Digital driving licences, digital authorizations, e-prescriptions... the list of demands for Germany's digital transformation is long. Unfortunately, however, all too often aspiration collides with reality because Germany is lagging far behind in terms of digitalisation. The best example is fax as a means of communication. Fax has been out of date for a long time and does not meet today's requirements, not even those for data protection (cue GDPR). However, it is still in use so widely that in the 2021 federal election campaign a political party rubbed salt into the wound by advertising the phasing out of faxes by 2038.
A short journey through time: what exactly is fax and what is it used for?
The first fax machines in Germany appeared in the 1970s but it took until the end of the 1980s for the fax to establish itself in offices. In the 1990s, it was widely used in companies before it was increasingly superseded by email.
Older people may be familiar with the concept of fax but for younger people in particular, fax is often an alien concept – they have either never heard of fax or do not know what it is all about.
Fax machines: also barely in use and declining in numbers internationally.
Easy but secure – replace the fax with a modern communication solution.
Therefore, a short review: The fax machine was used to send documents over the telephone network. A document was placed in the fax sender’s feeder and then transmitted via the telephone network (radio is also possible) directly to the recipient's fax machine. These devices, which were only designed for faxing, thus had a very manageable range of functions. Over the course of time, they were mostly replaced by multifunctional devices in which faxing was included alongside scanning, copying, and printing.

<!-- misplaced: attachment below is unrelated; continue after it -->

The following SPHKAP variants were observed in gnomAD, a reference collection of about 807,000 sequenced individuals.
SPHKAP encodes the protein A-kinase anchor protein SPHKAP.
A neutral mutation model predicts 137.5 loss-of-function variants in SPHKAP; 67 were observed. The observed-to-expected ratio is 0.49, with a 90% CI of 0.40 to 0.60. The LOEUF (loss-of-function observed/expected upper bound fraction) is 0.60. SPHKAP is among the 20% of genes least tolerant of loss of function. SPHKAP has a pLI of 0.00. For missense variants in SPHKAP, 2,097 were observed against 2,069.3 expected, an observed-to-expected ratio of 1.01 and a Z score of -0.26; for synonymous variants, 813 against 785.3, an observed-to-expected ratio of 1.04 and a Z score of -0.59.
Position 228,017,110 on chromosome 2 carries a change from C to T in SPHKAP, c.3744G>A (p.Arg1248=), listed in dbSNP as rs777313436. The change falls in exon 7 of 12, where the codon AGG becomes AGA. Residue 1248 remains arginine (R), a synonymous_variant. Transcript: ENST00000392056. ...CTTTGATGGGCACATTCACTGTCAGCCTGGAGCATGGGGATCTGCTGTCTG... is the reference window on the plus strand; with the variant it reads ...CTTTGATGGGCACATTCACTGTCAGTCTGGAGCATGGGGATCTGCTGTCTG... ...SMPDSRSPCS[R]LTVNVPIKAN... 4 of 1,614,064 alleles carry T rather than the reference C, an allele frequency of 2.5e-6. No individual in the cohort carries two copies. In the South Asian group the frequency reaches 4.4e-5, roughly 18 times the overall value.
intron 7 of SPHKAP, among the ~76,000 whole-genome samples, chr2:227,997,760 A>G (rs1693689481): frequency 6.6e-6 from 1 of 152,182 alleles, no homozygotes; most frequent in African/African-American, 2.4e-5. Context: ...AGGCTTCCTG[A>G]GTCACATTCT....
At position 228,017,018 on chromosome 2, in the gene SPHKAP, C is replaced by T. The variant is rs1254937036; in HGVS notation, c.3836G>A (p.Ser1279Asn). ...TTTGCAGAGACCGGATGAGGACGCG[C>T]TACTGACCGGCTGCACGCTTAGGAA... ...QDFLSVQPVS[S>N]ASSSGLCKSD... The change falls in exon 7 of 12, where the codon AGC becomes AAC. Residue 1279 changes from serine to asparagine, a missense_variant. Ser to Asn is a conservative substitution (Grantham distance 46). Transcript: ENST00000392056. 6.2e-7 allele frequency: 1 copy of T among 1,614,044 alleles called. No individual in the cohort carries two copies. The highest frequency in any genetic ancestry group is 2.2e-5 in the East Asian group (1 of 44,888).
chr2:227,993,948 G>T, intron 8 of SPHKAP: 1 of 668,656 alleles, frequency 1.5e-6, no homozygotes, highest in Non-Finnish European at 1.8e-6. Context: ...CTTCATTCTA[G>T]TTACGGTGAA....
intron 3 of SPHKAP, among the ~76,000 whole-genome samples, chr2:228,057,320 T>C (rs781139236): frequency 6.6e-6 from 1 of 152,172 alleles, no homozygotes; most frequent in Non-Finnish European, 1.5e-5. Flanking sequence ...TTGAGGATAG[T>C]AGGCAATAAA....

Nowadays, virtual fax servers are commonplace where a fax can also be sent from a PC to the recipient’s fax machine. Incoming fax messages are converted into emails and then delivered to email inboxes. The shift to this online method saves paper and the walk to the fax machine. On the other hand, the transmission path here is no longer directly from machine to machine.
Where is the fax still in use?
Today faxes are rarely used in private households. Fax-capable devices in the home are more of a relic because multifunction devices often also have a rarely used fax function. In business the fax is playing an increasingly minor role, and for most companies its use has continued to decline in recent years.
COVID-19: a massive catalyst for enterprises pushing their digital communication.
Nevertheless, in Germany the fax is still an important pillar for communication in some industries. It is still used in the legal sector, by public authorities, and also in the health sector.
Example 1: Additional effort due to fax (report by SWR on this topic in German)
Hospitals in the state of Baden-Württemberg are faxing their bed occupancy with Corona patients to the health authorities because even after more than a year and a half of the pandemic, there is no digital interface. There are plans at the federal level for establishing one, but, as so often the case in matters of digitalisation in Germany, a concrete date for this has not yet been set. The particularly absurd thing: The data is already available electronically, as the occupancy of the intensive care unit is forwarded daily to two different registers. These two registers are (how could it be any different?) not synchronised with each other which already means an avoidable additional effort for the hospital staff. Faxing, however, necessitates a media break on top of this: the relevant data must first be transferred from the hospital system to a report form before it can then be forwarded by fax. Additional effort is really the last thing staff need these days.